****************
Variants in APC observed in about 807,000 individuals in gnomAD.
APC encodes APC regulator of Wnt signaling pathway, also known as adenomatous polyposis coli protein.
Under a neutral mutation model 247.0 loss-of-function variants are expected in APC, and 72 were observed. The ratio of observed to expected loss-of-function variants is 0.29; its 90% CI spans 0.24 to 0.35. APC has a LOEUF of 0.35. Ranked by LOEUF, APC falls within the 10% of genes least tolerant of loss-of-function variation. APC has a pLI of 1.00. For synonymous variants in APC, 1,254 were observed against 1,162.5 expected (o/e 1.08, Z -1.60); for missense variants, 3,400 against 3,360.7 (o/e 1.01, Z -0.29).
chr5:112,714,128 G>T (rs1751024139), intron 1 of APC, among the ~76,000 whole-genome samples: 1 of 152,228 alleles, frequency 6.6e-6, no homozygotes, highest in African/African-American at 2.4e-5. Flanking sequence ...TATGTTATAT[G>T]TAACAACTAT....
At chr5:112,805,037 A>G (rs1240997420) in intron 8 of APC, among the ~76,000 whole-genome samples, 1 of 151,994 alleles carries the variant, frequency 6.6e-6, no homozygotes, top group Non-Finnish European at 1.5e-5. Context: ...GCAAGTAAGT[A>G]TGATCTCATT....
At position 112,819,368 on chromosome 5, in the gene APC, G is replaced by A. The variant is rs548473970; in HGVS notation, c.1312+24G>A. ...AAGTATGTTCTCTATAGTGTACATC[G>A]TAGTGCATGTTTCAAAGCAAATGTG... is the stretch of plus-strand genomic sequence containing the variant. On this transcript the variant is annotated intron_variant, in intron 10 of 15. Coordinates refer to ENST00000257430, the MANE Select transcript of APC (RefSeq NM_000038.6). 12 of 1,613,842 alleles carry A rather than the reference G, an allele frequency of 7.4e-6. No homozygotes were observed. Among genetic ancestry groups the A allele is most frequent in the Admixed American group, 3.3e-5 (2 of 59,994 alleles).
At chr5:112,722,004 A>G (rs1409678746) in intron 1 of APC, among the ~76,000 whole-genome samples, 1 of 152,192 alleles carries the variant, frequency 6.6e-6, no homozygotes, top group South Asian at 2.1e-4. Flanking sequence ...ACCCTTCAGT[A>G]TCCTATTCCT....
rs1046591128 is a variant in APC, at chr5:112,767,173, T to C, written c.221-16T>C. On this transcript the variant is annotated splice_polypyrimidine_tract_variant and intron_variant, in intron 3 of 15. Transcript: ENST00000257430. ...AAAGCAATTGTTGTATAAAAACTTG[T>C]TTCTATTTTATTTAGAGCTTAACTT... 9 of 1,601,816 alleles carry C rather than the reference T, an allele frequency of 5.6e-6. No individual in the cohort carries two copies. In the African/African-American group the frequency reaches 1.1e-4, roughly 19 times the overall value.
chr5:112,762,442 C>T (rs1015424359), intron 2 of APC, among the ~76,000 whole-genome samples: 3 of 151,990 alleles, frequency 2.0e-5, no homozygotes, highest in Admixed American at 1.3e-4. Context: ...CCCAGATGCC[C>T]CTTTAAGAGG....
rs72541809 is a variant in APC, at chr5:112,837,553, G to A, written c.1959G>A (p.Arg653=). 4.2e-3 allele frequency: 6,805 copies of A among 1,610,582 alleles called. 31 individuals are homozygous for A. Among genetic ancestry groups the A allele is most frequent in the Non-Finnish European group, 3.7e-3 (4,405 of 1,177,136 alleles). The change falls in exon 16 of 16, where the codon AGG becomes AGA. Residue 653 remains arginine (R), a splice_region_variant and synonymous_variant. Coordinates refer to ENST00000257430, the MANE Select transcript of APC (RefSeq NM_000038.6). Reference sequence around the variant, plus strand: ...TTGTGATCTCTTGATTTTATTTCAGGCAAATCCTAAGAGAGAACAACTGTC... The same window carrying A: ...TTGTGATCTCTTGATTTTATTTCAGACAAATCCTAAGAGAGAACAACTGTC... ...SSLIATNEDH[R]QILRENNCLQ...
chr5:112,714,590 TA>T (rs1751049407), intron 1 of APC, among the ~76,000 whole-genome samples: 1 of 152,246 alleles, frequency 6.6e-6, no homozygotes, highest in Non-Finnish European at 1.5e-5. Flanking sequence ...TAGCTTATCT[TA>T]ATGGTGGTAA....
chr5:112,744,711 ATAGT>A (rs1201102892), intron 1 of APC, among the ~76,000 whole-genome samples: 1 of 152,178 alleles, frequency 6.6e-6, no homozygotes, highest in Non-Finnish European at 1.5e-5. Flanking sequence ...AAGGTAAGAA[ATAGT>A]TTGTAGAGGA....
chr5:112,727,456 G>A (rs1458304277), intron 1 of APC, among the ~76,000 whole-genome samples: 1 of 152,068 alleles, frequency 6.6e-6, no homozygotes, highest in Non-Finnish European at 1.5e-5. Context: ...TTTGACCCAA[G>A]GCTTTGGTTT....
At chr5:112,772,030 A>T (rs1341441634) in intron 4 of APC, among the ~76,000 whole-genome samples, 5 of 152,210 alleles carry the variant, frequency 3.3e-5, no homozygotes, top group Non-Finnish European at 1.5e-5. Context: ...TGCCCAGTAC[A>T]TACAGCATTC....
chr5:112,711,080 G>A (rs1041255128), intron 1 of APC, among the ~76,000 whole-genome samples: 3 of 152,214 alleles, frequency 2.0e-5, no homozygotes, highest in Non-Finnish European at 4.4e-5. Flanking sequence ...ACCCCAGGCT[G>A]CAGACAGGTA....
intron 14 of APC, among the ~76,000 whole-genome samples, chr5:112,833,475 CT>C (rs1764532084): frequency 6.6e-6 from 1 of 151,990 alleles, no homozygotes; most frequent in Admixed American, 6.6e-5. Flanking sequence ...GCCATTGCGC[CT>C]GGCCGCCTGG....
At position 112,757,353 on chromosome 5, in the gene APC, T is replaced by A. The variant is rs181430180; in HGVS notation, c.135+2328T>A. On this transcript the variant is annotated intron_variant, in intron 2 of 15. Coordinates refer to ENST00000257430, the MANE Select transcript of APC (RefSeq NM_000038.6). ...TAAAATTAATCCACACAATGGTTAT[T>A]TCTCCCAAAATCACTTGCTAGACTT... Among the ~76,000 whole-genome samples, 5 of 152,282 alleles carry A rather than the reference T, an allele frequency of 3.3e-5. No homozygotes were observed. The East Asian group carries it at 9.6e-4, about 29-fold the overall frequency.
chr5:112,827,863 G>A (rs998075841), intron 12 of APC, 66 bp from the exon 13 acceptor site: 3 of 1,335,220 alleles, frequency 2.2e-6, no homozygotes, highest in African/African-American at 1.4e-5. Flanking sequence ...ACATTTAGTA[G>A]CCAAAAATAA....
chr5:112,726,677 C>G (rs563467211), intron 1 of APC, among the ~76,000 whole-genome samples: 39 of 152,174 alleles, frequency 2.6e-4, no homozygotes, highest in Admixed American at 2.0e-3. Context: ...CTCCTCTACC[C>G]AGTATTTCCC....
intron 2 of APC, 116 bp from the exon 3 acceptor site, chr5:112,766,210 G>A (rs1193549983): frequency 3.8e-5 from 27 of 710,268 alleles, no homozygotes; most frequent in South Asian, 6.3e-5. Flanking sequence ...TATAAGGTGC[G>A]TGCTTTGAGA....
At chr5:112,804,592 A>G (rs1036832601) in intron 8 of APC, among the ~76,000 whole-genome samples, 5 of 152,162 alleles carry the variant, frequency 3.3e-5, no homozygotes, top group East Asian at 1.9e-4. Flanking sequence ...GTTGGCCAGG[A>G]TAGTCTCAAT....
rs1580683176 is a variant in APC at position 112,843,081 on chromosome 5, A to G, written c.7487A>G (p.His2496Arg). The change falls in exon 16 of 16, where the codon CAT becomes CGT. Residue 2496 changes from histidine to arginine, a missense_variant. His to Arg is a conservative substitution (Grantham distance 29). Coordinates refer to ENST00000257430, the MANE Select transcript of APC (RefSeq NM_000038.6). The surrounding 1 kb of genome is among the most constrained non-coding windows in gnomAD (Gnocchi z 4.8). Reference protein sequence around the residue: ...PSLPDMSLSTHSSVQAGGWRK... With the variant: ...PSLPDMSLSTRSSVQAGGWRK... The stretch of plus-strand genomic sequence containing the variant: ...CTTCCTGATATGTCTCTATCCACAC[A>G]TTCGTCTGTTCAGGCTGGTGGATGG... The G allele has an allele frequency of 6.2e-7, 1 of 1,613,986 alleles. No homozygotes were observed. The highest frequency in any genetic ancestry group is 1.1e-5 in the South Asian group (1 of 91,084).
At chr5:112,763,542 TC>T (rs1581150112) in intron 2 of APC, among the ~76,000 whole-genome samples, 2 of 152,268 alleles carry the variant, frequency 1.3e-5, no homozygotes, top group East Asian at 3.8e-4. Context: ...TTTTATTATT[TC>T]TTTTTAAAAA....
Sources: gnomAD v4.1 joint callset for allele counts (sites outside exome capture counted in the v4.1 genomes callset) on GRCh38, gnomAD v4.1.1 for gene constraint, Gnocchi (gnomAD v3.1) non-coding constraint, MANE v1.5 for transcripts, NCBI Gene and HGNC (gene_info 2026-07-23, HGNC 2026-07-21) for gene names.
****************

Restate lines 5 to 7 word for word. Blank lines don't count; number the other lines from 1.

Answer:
At chr5:112,805,037 A>G (rs1240997420) in intron 8 of APC, among the ~76,000 whole-genome samples, 1 of 151,994 alleles carries the variant, frequency 6.6e-6, no homozygotes, top group Non-Finnish European at 1.5e-5. Context: ...GCAAGTAAGT[A>G]TGATCTCATT....
At position 112,819,368 on chromosome 5, in the gene APC, G is replaced by A. The variant is rs548473970; in HGVS notation, c.1312+24G>A. ...AAGTATGTTCTCTATAGTGTACATC[G>A]TAGTGCATGTTTCAAAGCAAATGTG... is the stretch of plus-strand genomic sequence containing the variant. On this transcript the variant is annotated intron_variant, in intron 10 of 15. Coordinates refer to ENST00000257430, the MANE Select transcript of APC (RefSeq NM_000038.6). 12 of 1,613,842 alleles carry A rather than the reference G, an allele frequency of 7.4e-6. No homozygotes were observed. Among genetic ancestry groups the A allele is most frequent in the Admixed American group, 3.3e-5 (2 of 59,994 alleles).
At chr5:112,722,004 A>G (rs1409678746) in intron 1 of APC, among the ~76,000 whole-genome samples, 1 of 152,192 alleles carries the variant, frequency 6.6e-6, no homozygotes, top group South Asian at 2.1e-4. Flanking sequence ...ACCCTTCAGT[A>G]TCCTATTCCT....